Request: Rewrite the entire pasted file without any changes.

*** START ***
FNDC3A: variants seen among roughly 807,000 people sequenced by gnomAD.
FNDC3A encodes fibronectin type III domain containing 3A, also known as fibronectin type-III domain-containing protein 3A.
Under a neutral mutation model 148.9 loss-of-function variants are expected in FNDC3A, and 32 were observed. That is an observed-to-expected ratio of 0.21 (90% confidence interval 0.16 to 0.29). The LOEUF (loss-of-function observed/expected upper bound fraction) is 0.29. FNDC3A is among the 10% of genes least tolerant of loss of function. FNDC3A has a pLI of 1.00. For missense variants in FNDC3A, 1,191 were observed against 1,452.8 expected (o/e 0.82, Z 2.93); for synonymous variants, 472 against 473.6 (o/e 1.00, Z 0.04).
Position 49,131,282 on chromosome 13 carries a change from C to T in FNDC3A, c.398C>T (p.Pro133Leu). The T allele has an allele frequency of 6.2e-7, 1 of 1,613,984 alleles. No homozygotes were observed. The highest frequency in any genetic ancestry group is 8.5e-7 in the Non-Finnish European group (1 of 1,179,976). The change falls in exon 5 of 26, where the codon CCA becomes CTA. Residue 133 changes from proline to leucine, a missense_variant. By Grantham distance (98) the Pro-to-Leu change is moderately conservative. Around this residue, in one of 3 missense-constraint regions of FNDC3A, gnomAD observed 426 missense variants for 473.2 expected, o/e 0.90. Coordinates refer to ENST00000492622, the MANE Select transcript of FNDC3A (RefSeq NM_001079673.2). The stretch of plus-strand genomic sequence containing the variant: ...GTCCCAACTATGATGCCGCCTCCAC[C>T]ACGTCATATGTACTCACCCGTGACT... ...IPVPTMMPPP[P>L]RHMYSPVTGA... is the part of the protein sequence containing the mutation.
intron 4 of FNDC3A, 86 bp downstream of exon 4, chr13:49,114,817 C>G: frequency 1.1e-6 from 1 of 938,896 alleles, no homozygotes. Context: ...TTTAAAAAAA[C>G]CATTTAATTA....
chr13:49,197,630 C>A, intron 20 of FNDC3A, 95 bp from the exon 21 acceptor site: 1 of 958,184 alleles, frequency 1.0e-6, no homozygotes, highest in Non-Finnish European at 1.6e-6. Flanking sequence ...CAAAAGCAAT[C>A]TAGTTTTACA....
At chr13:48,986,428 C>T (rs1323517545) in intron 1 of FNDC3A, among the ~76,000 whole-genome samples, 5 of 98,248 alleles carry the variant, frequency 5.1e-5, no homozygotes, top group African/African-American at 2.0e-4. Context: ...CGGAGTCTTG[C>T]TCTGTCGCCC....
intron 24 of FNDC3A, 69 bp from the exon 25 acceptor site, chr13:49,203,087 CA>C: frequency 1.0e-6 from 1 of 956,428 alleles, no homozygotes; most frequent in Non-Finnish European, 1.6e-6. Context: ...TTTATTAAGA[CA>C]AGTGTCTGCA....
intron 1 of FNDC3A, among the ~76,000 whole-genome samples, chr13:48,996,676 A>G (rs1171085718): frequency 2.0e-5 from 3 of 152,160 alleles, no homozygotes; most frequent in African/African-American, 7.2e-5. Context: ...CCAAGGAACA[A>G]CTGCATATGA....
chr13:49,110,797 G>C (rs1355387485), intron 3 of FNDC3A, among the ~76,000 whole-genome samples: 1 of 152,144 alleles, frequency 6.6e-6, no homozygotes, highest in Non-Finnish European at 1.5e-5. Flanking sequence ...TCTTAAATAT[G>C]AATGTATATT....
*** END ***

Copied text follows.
FNDC3A: variants seen among roughly 807,000 people sequenced by gnomAD.
FNDC3A encodes fibronectin type III domain containing 3A, also known as fibronectin type-III domain-containing protein 3A.
Under a neutral mutation model 148.9 loss-of-function variants are expected in FNDC3A, and 32 were observed. That is an observed-to-expected ratio of 0.21 (90% confidence interval 0.16 to 0.29). The LOEUF (loss-of-function observed/expected upper bound fraction) is 0.29. FNDC3A is among the 10% of genes least tolerant of loss of function. FNDC3A has a pLI of 1.00. For missense variants in FNDC3A, 1,191 were observed against 1,452.8 expected (o/e 0.82, Z 2.93); for synonymous variants, 472 against 473.6 (o/e 1.00, Z 0.04).
Position 49,131,282 on chromosome 13 carries a change from C to T in FNDC3A, c.398C>T (p.Pro133Leu). The T allele has an allele frequency of 6.2e-7, 1 of 1,613,984 alleles. No homozygotes were observed. The highest frequency in any genetic ancestry group is 8.5e-7 in the Non-Finnish European group (1 of 1,179,976). The change falls in exon 5 of 26, where the codon CCA becomes CTA. Residue 133 changes from proline to leucine, a missense_variant. By Grantham distance (98) the Pro-to-Leu change is moderately conservative. Around this residue, in one of 3 missense-constraint regions of FNDC3A, gnomAD observed 426 missense variants for 473.2 expected, o/e 0.90. Coordinates refer to ENST00000492622, the MANE Select transcript of FNDC3A (RefSeq NM_001079673.2). The stretch of plus-strand genomic sequence containing the variant: ...GTCCCAACTATGATGCCGCCTCCAC[C>T]ACGTCATATGTACTCACCCGTGACT... ...IPVPTMMPPP[P>L]RHMYSPVTGA... is the part of the protein sequence containing the mutation.
intron 4 of FNDC3A, 86 bp downstream of exon 4, chr13:49,114,817 C>G: frequency 1.1e-6 from 1 of 938,896 alleles, no homozygotes. Context: ...TTTAAAAAAA[C>G]CATTTAATTA....
chr13:49,197,630 C>A, intron 20 of FNDC3A, 95 bp from the exon 21 acceptor site: 1 of 958,184 alleles, frequency 1.0e-6, no homozygotes, highest in Non-Finnish European at 1.6e-6. Flanking sequence ...CAAAAGCAAT[C>A]TAGTTTTACA....
At chr13:48,986,428 C>T (rs1323517545) in intron 1 of FNDC3A, among the ~76,000 whole-genome samples, 5 of 98,248 alleles carry the variant, frequency 5.1e-5, no homozygotes, top group African/African-American at 2.0e-4. Context: ...CGGAGTCTTG[C>T]TCTGTCGCCC....
intron 24 of FNDC3A, 69 bp from the exon 25 acceptor site, chr13:49,203,087 CA>C: frequency 1.0e-6 from 1 of 956,428 alleles, no homozygotes; most frequent in Non-Finnish European, 1.6e-6. Context: ...TTTATTAAGA[CA>C]AGTGTCTGCA....
intron 1 of FNDC3A, among the ~76,000 whole-genome samples, chr13:48,996,676 A>G (rs1171085718): frequency 2.0e-5 from 3 of 152,160 alleles, no homozygotes; most frequent in African/African-American, 7.2e-5. Context: ...CCAAGGAACA[A>G]CTGCATATGA....
chr13:49,110,797 G>C (rs1355387485), intron 3 of FNDC3A, among the ~76,000 whole-genome samples: 1 of 152,144 alleles, frequency 6.6e-6, no homozygotes, highest in Non-Finnish European at 1.5e-5. Flanking sequence ...TCTTAAATAT[G>C]AATGTATATT....